Streep laughs at death

NICE to see Meryl Streep back, fighting fit and firm-thighed, in The River Wild. She has had a few minor disasters in recent years, one of which was Defending Your Life (Pearl, 9.30pm) in 1991. It was savaged by some critics, but it's not bad. It has more vision than it was given credit for, and some good jokes too.

Ms Streep's middle name, as she has so often proved, is Versatile. In Defending Your Life she handles a precipitous mix of comedy and black drama with tender loving care. The question central to the film is one that we have been asking for a long time and one to which we shall, I hazard a guess, never know the answer. Is there life after death? Daniel Miller (Albert Brooks, Broadcast News) is an advertising executive who meets his maker in a car crash. He is catapulted into Judgment City, a mid-point, a sort of MTR station in the sky, where fates and directions are decided. Here the not-quite-dead defend their lives before a jury. Good boys and girls go straight to heaven. Bad ones are sentenced to return to Earth. Miller's destiny is in his own hands. Will his past catch up with him? In Judgment City - it looks a little like Sha Tin, but cleaner - Miller meets Julia (Streep), who teaches him a thing or two about life, ironically now that they are both dead.

Defending Your Life is original in concept and funny in spasms. Streep is a joy, full of energy and intelligence, even as a corpse.

IT won an Academy Award nomination for Best Picture in 1983, but why? The Big Chill (Pearl, 12.30am) is a big-budget, big-name Thirtysomething, with insufferable yuppies dumping on each other and straining to be profound. The stiff being dressed for a funeral under the titles at the beginning is Kevin Costner, who looks better than he did in Robin Hood: Prince Of Thieves, even though you don't see his face.

Among the university contemporaries who reunite for Costner's funeral are Meg Tilley, Kevin Kline, Glenn Close (who won an Oscar nomination for Best Supporting Actress), Tom Berenger, Jeff Goldblum and William Hurt. There are tears, hugs, confessions and, in the end, something approaching a realisation from the assembled crew that life is to be lived, even when others are dying. In between there is tedium and irritation.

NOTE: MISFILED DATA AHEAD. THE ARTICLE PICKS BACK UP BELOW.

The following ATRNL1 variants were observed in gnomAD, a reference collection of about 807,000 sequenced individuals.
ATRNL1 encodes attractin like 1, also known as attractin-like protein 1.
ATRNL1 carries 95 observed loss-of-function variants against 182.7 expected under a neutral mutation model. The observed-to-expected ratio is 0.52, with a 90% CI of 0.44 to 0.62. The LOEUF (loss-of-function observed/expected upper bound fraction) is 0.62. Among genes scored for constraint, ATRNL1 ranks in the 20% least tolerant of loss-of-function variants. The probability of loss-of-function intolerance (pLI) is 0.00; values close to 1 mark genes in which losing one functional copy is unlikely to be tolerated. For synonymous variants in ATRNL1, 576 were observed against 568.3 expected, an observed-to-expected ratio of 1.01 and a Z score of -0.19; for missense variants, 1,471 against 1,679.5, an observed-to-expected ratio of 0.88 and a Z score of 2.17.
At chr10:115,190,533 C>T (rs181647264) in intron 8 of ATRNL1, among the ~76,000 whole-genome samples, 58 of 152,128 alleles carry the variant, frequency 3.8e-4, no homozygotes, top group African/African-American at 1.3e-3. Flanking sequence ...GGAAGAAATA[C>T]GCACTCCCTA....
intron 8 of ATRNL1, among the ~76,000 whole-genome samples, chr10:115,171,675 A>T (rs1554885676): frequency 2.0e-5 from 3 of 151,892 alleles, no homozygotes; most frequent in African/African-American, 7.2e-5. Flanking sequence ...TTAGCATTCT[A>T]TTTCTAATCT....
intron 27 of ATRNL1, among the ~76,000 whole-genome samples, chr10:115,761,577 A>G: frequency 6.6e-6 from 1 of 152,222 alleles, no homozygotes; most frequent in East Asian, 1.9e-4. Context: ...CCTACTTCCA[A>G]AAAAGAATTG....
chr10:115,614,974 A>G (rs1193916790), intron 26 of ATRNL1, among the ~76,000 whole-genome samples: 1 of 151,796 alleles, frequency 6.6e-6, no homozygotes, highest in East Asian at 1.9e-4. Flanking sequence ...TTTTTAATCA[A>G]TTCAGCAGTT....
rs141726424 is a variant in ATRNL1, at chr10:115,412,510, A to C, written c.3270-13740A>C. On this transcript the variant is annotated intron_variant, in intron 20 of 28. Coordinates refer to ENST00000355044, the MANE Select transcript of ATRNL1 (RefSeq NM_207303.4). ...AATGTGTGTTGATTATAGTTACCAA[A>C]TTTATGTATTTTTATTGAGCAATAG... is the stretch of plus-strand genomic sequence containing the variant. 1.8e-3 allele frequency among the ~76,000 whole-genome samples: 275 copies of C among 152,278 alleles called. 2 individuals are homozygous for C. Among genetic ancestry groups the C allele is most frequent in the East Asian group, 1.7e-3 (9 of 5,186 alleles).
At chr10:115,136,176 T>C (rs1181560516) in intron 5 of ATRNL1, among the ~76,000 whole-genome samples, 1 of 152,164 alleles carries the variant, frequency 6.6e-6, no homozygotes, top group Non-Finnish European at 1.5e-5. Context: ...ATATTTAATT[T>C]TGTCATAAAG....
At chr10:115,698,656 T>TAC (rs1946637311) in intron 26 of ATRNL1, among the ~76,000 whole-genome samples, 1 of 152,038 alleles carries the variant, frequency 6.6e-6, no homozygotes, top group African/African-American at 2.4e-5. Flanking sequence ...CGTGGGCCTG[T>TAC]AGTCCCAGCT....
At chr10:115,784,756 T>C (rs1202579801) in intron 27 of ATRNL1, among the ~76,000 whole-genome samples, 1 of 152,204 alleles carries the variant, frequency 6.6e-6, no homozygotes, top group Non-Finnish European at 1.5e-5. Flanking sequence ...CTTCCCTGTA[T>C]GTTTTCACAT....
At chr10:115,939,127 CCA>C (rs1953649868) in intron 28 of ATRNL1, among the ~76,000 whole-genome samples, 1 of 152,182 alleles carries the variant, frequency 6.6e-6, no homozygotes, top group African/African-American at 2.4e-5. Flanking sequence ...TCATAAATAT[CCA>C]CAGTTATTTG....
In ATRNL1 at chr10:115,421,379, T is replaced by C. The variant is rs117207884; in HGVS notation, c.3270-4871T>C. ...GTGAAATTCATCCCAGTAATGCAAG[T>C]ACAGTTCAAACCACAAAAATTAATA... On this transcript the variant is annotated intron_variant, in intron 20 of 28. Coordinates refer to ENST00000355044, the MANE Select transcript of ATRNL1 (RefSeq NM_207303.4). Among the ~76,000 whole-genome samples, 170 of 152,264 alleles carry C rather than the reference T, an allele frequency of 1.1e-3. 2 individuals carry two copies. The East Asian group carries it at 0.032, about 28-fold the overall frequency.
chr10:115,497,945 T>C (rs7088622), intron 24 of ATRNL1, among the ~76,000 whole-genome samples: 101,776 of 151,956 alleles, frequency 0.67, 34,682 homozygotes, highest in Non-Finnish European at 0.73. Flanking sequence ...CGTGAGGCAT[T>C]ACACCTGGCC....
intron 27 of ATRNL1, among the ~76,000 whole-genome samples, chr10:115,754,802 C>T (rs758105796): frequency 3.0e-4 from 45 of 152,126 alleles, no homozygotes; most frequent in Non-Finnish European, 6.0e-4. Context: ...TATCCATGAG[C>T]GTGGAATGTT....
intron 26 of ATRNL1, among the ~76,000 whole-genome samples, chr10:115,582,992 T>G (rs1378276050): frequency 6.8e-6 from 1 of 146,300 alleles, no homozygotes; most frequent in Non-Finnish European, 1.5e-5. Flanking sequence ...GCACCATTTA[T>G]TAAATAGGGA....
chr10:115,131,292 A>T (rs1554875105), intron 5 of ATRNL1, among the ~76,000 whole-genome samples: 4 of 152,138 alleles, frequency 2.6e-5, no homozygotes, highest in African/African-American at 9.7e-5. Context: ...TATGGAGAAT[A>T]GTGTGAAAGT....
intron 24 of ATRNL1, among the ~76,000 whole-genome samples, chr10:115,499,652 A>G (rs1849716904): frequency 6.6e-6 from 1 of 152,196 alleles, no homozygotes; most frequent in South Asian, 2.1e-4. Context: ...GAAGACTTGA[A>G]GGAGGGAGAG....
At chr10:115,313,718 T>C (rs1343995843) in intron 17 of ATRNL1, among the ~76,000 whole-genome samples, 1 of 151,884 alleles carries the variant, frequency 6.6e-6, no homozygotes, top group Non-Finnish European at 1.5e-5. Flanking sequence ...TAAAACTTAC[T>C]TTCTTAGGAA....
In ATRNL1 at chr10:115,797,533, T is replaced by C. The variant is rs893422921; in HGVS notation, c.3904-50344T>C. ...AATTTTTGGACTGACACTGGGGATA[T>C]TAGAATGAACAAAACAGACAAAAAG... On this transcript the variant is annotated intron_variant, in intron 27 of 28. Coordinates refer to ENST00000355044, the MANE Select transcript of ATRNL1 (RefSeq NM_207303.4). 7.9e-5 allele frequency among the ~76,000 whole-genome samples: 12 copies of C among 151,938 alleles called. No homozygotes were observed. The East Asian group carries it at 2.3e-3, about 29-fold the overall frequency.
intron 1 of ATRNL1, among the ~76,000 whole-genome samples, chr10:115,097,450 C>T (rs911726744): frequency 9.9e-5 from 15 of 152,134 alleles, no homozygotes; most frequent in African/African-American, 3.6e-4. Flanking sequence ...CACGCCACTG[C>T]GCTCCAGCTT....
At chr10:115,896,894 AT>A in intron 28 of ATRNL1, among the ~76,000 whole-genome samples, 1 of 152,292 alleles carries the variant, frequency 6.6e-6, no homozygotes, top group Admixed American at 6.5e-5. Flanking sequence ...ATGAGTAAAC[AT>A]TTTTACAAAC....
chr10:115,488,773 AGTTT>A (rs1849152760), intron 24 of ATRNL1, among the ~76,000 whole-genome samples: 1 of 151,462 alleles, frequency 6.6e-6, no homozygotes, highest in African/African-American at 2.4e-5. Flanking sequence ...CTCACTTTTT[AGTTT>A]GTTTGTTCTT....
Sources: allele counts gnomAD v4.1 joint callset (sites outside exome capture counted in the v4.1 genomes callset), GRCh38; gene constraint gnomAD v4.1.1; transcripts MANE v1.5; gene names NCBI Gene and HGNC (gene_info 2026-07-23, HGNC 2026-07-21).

Technically there is nothing to complain about. Lawrence Kasdan directs with skill, but without much relish. It's as if he finds these people as infuriating as we do. The Big Chill is much too earnest for its own good; it is, to borrow a phrase, a film with a beard, although it does have a nice soundtrack.

THERE is nothing earnest about Hong Kong-hater Keith Floyd. When God was dishing out the cynicism he joined the queue again and got second helpings. In Floyd On Italy (Pearl, 6.50pm) he is in Umbria, which is smack bang in the middle of the country, above Rome and below Florence.

FILM-MAKERS John Waters and John Sayles have good cameos in Something Wild (World, 9.30pm) as a used-car salesman and motorcycle cop respectively. The film also stars Melanie Griffith, Ray Liotta and Jeff Daniels, so there can be few complaints about the cast. It was directed by Jonathan Demme, a fine director and one who knows a thing or two about psychology, as he proved in Silence Of The Lambs.

The ingredients do not gel in Something Wild, largely because it veers so uncontrollably from humour to sadistic violence and back again. The happy ending looks like an afterthought, and probably was. Hollywood insists on believing what its tests audiences tell it.

Daniels meets Griffith at a coffee shop. She is an erotic, vivacious woman who unlocks his sexual fantasies. He drops his family, his lifestyle and everything else and takes off with her on a joy ride. Liotta, perfect for the psycho role, is her husband, just out of jail. He is none too happy about the situation.

WORLD'S mini-series Wild Justice is on late (1.15am). It is based on the novel of the same name by Wilbur Smith and stars Roy Scheider (Jaws) as a CIA agent expelled from his squad for an initiative his superiors do not appreciate. He starts working for a beautiful baroness (Patricia Millardet), a woman with a mysterious past who also owns an industrial plant that produces sophisticated weapons. Enter an enigmatic Lebanese terrorist called Caliph, a kidnapped 13-year-old daughter, and a love affair. Wild Justice also stars Sam Wanamaker, who died earlier this year.